The same point made above in relation to promotion and monitoring—that NHRIs have important roles as part of a framework for implementation of the CRPD rather than being appropriately assigned sole responsibility—applies even more obviously regarding measures for protection of rights.

    Many of the civil and political rights restated or expanded upon in the CRPD will in all States be covered by legislation which is primarily the responsibility of mechanisms beyond NHRIs—in areas such as criminal law, guardianship, family law etc. NHRIs may however have an important role as part of a national framework (or, to the extent possible within their existing resources and jurisdiction, on their own initiative) in examining needs and possibilities for any additional measures in these areas—such as the development of guidelines and strategies (whether by NHRIs or by the agencies responsible, or both) regarding disability issues in law enforcement and the administration of justice.

    Regarding economic social and cultural rights, the CRPD acknowledges (Article 4.2) that this class of rights may be subject to progressive implementation, rather than being required to be immediately realised in full. This has led to perceptions that economic social and cultural rights are not classed as real rights and in particular are not capable of being justiciable.

    Although many NHRIs may not currently have direct or comprehensive jurisdiction in relation to the Convenant on Economic Social and Cultural Rights they may nonetheless have important contributions to make to realisation of these rights, and to consideration by governments of measures for protection of these rights:

    In particular, many NHRIs do already exercise jurisdiction in relation to economic social and cultural rights through administering anti-discrimination laws applying to these rights and thus are familiar with issues of rights which are justiciable and yet are subject to progressive implementation (for example the requirements for accessibility of public transport which exist in several States and which include timelines for compliance).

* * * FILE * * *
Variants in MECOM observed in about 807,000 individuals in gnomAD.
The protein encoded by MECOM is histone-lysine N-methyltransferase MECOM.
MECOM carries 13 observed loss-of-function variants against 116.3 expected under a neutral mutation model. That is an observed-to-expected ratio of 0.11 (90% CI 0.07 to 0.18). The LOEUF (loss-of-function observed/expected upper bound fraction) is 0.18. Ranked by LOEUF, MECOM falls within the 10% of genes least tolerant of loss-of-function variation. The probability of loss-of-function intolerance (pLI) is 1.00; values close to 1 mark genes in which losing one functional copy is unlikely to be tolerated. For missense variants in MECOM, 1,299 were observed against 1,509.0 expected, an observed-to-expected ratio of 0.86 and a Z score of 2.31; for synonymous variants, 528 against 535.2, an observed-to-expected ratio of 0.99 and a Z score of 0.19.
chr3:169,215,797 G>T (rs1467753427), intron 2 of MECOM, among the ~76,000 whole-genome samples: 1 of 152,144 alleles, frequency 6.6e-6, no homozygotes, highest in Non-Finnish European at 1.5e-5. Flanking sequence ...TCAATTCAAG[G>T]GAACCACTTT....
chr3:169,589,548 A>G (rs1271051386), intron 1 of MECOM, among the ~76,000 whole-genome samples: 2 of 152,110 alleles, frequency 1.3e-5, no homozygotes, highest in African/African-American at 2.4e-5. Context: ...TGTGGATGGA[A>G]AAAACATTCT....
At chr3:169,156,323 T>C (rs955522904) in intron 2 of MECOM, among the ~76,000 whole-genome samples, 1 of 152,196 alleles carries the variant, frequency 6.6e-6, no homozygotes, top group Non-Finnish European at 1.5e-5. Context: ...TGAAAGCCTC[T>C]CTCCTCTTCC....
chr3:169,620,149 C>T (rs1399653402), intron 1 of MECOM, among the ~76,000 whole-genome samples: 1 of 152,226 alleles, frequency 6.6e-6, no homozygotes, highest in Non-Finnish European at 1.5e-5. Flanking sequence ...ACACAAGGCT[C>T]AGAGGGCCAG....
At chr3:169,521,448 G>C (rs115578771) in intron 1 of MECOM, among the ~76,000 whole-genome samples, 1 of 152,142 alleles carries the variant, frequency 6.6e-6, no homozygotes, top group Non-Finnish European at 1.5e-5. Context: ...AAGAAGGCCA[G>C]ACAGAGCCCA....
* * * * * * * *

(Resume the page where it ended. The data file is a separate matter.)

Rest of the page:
Discrimination laws in some States draw a distinction between a right to have non-discriminatory access to those services and facilities which exist (recognised in law), and a right of access to needed services and facilities (not recognised). In other States however legislation appears to go further towards recognising rights to needed services, supports and adjustments more directly. Exchange of experience between NHRIs in this area would appear particularly valuable.


  The Commission will take a proactive approach to promoting and monitoring implementation of CRDP, both through mainstreamed and dedicated activities.

2.1  Ratification

  The EHRC Disability Committee has issued a statement of its position on the UK Government's ratification of CRPD and the actions it will pursue. This is included in the Appendix.

2.2  Involving and engaging disabled people

  The Commission will directly involve as well as engage with disabled people's organisations in its work on the Convention. This includes:

    —  Setting up an advisory group.

    —  Calling for evidence in relation to monitoring implementation and consulting on draft submissions.

    —  Providing opportunities for disabled peoples organisations to work with the Commission and independently on the Convention via its grants programme.

    —  Engaging and involving disabled people in relation to specific work-streams.

2.3  Co-ordination with and supporting development of the UK's promotion and monitoring framework

  The Commission will set up a co-ordination group, initially involving lead officers from EHRC's England, Scotland and Wales offices, the Scottish Human Rights Commission, the Northern Ireland Human Rights Commission and the Northern Ireland Equality Commission. Subject to agreement by the Commissions, this group may be widened to include Equality 2025 and other relevant bodies such as the Children's Commissioners.

  The group will be tasked with developing and agreeing a consistent UK wide approach to promoting and monitoring implementation of the Convention taking account of devolved and reserved matters and different organisational competencies.

2.4  Awareness raising

  The Commission will seek to raise awareness and promote understanding of the Convention including:

    —  Through its digital communications strategy including dedicated pages on the Commissions website, through its e-bulletin and its presence on social networking sites including Facebook.

    —  Specific action to promote awareness and understanding of rights amongst people with learning disabilities and amongst children and young people.